Resistance to antibiotics has become a major public health problem worldwide as it reduces the effectiveness of treatments and increases morbidity, mortality, and health-care costs1. This challenge is a natural consequence of the adaption of infectious pathogens to the types of antimicrobials used in multiple areas, including medicines, plants and animals raised as food, and disinfectants used in farms, hospitals, and households2) (3.
Research on plants as potential sources of new and effective antimicrobials with novel modes of action is well established. Although active constituents may occur in plants in low concentrations, plant extracts may, in many cases, represent a superior source of antimicrobial compounds than synthetic drugs4.
The use of plants for the treatment of multiple ailments has been a common practice in the popular medicine of most cultures, even where the precise causation of a disease and/or the mechanisms of its cure have not always been understood5) (6. Exploratory research on plants as sources of new antimicrobial compounds has led to a joint interest in fundamental research in the fields of agriculture, chemistry, and medicine. However, studies on the antimicrobial activity of plant extracts have been largely restricted to the analysis of their bacteriostatic and bactericidal properties7.
There are some existing reports on the in vitro antimicrobial activity of ethanolic extracts of some Argentine plants used in traditional medicine8) (9, although few studies evaluating antimicrobial activity as well as anti-biofilm activity in relation to pathogenic microorganisms have been reported10) (11. Biofilm is the predominant mode of growth for bacteria in most natural, industrial, and clinical environments. Biofilms typically consist of densely packed, multi-species populations of cells, encased in a self-synthesized polymeric matrix and attached to a tissue or surface12. This mode of growth protects bacteria from environmental stresses, that is, the treatment of biofilms with antibiotics or other biocides is often ineffective for eradication13. Biofilm formation is therefore a major challenge in many contexts, ranging from industrial corrosion and biofouling14 to chronic and nosocomial infections15.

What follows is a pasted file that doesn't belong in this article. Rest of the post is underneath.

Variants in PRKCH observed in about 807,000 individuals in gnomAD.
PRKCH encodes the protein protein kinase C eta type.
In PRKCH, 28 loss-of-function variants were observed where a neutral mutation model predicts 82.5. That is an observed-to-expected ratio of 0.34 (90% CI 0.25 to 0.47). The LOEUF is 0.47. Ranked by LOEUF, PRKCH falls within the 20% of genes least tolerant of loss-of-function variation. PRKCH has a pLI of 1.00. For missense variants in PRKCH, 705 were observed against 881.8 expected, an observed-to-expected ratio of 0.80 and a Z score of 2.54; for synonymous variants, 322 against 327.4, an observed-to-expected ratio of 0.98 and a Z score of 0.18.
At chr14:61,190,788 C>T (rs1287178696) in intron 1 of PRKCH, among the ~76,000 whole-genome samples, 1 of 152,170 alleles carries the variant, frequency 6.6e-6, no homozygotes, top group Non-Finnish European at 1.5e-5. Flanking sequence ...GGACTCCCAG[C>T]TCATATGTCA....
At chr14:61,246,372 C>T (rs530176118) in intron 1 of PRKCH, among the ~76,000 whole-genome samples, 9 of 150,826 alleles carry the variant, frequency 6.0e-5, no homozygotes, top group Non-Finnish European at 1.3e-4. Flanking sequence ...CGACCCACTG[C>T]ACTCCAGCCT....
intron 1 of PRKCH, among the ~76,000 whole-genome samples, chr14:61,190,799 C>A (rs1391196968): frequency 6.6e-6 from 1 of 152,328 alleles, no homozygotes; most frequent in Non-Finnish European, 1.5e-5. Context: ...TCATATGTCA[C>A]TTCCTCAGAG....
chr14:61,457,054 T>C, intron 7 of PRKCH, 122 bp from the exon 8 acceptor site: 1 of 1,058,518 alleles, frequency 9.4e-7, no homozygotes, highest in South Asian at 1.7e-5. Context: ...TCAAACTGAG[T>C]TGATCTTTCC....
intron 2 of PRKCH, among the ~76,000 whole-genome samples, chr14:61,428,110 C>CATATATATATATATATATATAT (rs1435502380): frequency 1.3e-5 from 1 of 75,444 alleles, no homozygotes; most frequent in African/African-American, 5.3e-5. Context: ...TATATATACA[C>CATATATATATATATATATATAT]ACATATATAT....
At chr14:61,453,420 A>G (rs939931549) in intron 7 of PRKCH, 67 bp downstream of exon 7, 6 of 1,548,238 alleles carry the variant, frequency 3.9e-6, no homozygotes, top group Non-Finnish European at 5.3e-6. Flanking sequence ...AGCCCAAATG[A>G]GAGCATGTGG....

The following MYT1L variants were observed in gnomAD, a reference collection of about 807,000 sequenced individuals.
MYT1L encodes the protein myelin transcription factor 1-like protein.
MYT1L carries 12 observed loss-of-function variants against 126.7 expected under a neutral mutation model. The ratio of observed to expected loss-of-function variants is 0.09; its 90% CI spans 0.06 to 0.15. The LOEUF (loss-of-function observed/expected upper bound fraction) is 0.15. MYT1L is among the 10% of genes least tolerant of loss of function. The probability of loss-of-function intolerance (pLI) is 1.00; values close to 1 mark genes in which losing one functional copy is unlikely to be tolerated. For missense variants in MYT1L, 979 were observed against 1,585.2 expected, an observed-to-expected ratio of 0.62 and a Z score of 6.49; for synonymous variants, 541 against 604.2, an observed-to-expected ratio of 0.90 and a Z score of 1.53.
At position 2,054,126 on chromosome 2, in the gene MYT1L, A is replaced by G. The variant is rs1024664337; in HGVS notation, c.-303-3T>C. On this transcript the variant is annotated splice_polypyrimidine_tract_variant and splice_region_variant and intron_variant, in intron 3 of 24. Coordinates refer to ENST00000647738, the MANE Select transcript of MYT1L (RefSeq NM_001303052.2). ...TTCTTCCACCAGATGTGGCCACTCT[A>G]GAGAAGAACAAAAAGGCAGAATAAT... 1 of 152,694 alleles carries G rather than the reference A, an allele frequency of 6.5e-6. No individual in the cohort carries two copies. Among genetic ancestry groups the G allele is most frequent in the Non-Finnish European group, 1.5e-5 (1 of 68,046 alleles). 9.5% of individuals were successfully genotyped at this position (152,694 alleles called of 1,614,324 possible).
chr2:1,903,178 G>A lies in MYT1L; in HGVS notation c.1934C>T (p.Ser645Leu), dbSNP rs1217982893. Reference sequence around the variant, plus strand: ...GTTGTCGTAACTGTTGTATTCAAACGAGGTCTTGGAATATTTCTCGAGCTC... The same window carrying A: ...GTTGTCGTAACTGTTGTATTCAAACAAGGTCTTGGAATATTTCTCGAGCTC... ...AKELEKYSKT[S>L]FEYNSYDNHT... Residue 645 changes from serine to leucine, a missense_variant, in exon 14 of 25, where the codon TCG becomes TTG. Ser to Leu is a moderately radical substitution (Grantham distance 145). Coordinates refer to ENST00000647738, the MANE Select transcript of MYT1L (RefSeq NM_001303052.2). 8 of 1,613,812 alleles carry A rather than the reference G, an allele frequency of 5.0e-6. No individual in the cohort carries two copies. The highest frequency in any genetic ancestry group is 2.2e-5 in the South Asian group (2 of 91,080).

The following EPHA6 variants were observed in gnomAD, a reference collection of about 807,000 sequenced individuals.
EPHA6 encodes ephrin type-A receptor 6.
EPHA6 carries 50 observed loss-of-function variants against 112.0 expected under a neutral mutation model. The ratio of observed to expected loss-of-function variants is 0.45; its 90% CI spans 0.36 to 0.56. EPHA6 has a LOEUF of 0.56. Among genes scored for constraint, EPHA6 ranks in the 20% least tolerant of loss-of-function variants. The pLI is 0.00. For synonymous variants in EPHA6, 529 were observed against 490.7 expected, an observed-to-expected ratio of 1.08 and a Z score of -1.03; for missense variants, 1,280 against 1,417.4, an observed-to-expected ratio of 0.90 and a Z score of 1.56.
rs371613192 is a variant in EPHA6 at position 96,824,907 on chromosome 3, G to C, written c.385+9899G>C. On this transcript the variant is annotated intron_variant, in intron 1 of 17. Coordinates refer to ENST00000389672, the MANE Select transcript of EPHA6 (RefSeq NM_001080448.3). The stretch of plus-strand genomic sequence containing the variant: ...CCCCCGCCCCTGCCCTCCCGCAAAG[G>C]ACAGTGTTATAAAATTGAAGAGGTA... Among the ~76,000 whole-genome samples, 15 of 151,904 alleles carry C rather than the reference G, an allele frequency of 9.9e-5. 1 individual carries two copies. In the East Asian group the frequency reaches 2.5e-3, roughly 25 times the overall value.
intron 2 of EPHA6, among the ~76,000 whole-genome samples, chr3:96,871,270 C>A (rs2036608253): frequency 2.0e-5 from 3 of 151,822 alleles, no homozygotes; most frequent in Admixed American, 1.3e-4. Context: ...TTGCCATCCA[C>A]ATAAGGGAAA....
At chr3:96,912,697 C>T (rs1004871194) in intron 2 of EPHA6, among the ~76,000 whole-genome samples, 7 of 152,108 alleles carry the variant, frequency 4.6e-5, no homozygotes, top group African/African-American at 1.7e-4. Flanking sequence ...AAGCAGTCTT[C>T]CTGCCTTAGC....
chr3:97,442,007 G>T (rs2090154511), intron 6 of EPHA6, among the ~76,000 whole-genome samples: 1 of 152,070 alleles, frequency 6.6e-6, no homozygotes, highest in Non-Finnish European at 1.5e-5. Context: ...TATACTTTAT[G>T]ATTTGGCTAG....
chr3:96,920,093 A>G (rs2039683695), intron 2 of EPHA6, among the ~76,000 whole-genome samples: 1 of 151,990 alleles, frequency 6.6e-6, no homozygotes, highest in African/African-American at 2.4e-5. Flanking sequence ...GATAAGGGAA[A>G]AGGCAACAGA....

The purpose of the present work was therefore to investigate and demonstrate the presence of antimicrobial, anti-biofilm, and anti-adherence activities in native plants collected in northwestern Argentina (specifically, Larrea divaricata, Tagetes minuta, Tessaria absinthioides, Lycium chilense, and Schinus fasciculatus), which have been traditionally used for a variety of folk medicinal purposes.
Microorganisms and fermentation conditions
Bacillus strains were isolated from a variety of sources in northwestern Argentina, such as soils contaminated with hydrocarbons and natural soils from a riverbank. Soil suspensions were created and heated at 80°C for 15 min, plated onto Luria-Bertani (LB) agar, and incubated at 37°C. Clinical isolates of coagulase-negative Staphylococcus (CoNS) were also obtained from a dialysis center in the City of San Miguel de Tucumán. All isolated bacteria were characterized using conventional biochemical methods, namely catalase, bacitracin susceptibility, and coagulase testing. Liquid cultures of Bacillus and CoNS were prepared in 125-ml flasks containing 10ml of LB medium on an orbital shaker at 37°C.
Total deoxyribonucleic acid (DNA) was extracted from cells harvested in the mid-exponential growth phase as described previously16. Polymerase chain reaction (PCR) amplification was performed in a 25-µl reaction mix containing 2.5µl 10X STR reaction buffer (Promega, Wisconsin, United States), 20ng total DNA, 0.5µM of each primer, and 1U Taq DNA polymerase (Promega). Primers of the sequence 27F (5´-AGAGTTTGATCMTGGCTCAG-3´) and 1492R (5´-GGTTACCTTGTTACGACTT-3´) were used to generate partial sequences of 16S ribosomal DNA (rDNA). Amplification conditions were as follows: 5 min at 94°C; 35 cycles of 1 min at 94°C, 2 min at 50°C, and 2 min at 72°C; and 7 min at 72°C for the final extension. PCR products were analyzed by electrophoresis on 2% (wt/vol) agarose gels.
DNA sequencing was performed by Macrogen Services(Seoul, South Korea). Sequences were compared and aligned with the GenBank database using Basic Local Alignment Search Tool (BLAST) software. Partial nucleotide sequences of the 16S rDNA gene of Bacillus sp. and CoNS Staphylococcus sp. were deposited in the GenBank database under accession numbers KP872905 and KP872906, respectively.
Plant material and extraction